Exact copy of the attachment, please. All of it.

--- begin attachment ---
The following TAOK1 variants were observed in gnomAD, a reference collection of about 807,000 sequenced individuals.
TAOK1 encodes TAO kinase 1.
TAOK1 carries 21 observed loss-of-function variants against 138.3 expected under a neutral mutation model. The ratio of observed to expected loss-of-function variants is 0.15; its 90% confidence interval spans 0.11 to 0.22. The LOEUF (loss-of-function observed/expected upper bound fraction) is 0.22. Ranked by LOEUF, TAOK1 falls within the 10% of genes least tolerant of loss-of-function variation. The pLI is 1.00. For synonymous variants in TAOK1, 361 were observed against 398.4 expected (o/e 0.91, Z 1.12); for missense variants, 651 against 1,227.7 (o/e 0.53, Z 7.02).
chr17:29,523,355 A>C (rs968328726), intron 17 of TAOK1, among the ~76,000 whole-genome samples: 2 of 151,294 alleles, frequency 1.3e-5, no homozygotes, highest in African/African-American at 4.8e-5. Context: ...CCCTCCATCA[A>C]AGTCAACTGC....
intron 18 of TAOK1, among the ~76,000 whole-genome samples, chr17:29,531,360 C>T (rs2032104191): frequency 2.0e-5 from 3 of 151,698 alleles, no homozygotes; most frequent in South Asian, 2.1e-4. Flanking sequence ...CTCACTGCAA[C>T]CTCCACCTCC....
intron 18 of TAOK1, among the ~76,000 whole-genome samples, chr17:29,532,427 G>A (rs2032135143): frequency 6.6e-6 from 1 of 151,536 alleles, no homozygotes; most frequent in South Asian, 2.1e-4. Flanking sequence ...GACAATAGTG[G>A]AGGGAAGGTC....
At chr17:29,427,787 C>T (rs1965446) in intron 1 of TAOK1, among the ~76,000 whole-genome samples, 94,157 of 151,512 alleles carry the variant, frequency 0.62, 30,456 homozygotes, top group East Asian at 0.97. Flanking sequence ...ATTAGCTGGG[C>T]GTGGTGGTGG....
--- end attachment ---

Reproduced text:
The following TAOK1 variants were observed in gnomAD, a reference collection of about 807,000 sequenced individuals.
TAOK1 encodes TAO kinase 1.
TAOK1 carries 21 observed loss-of-function variants against 138.3 expected under a neutral mutation model. The ratio of observed to expected loss-of-function variants is 0.15; its 90% confidence interval spans 0.11 to 0.22. The LOEUF (loss-of-function observed/expected upper bound fraction) is 0.22. Ranked by LOEUF, TAOK1 falls within the 10% of genes least tolerant of loss-of-function variation. The pLI is 1.00. For synonymous variants in TAOK1, 361 were observed against 398.4 expected (o/e 0.91, Z 1.12); for missense variants, 651 against 1,227.7 (o/e 0.53, Z 7.02).
chr17:29,523,355 A>C (rs968328726), intron 17 of TAOK1, among the ~76,000 whole-genome samples: 2 of 151,294 alleles, frequency 1.3e-5, no homozygotes, highest in African/African-American at 4.8e-5. Context: ...CCCTCCATCA[A>C]AGTCAACTGC....
intron 18 of TAOK1, among the ~76,000 whole-genome samples, chr17:29,531,360 C>T (rs2032104191): frequency 2.0e-5 from 3 of 151,698 alleles, no homozygotes; most frequent in South Asian, 2.1e-4. Flanking sequence ...CTCACTGCAA[C>T]CTCCACCTCC....
intron 18 of TAOK1, among the ~76,000 whole-genome samples, chr17:29,532,427 G>A (rs2032135143): frequency 6.6e-6 from 1 of 151,536 alleles, no homozygotes; most frequent in South Asian, 2.1e-4. Flanking sequence ...GACAATAGTG[G>A]AGGGAAGGTC....
At chr17:29,427,787 C>T (rs1965446) in intron 1 of TAOK1, among the ~76,000 whole-genome samples, 94,157 of 151,512 alleles carry the variant, frequency 0.62, 30,456 homozygotes, top group East Asian at 0.97. Flanking sequence ...ATTAGCTGGG[C>T]GTGGTGGTGG....